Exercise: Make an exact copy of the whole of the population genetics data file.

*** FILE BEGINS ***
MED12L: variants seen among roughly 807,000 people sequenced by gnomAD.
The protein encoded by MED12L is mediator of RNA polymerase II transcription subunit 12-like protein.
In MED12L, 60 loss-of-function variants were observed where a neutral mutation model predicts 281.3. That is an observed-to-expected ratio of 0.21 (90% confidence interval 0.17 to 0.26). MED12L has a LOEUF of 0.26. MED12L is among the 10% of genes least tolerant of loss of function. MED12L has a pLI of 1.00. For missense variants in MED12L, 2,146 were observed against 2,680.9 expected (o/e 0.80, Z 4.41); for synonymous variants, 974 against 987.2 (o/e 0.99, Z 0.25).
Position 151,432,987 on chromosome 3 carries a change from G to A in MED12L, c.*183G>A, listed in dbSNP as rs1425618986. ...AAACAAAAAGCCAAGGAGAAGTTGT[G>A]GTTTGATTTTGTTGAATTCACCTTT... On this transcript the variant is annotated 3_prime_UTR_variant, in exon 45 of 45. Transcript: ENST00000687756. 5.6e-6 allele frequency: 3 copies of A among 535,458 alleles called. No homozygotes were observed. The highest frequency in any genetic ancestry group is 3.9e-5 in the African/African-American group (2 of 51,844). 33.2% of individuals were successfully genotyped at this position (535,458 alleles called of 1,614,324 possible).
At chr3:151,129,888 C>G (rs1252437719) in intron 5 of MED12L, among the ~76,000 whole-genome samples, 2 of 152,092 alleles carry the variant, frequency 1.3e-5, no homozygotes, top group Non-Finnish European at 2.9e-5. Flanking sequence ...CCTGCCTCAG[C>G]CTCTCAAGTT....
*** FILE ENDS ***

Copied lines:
MED12L: variants seen among roughly 807,000 people sequenced by gnomAD.
The protein encoded by MED12L is mediator of RNA polymerase II transcription subunit 12-like protein.
In MED12L, 60 loss-of-function variants were observed where a neutral mutation model predicts 281.3. That is an observed-to-expected ratio of 0.21 (90% confidence interval 0.17 to 0.26). MED12L has a LOEUF of 0.26. MED12L is among the 10% of genes least tolerant of loss of function. MED12L has a pLI of 1.00. For missense variants in MED12L, 2,146 were observed against 2,680.9 expected (o/e 0.80, Z 4.41); for synonymous variants, 974 against 987.2 (o/e 0.99, Z 0.25).
Position 151,432,987 on chromosome 3 carries a change from G to A in MED12L, c.*183G>A, listed in dbSNP as rs1425618986. ...AAACAAAAAGCCAAGGAGAAGTTGT[G>A]GTTTGATTTTGTTGAATTCACCTTT... On this transcript the variant is annotated 3_prime_UTR_variant, in exon 45 of 45. Transcript: ENST00000687756. 5.6e-6 allele frequency: 3 copies of A among 535,458 alleles called. No homozygotes were observed. The highest frequency in any genetic ancestry group is 3.9e-5 in the African/African-American group (2 of 51,844). 33.2% of individuals were successfully genotyped at this position (535,458 alleles called of 1,614,324 possible).
At chr3:151,129,888 C>G (rs1252437719) in intron 5 of MED12L, among the ~76,000 whole-genome samples, 2 of 152,092 alleles carry the variant, frequency 1.3e-5, no homozygotes, top group Non-Finnish European at 2.9e-5. Flanking sequence ...CCTGCCTCAG[C>G]CTCTCAAGTT....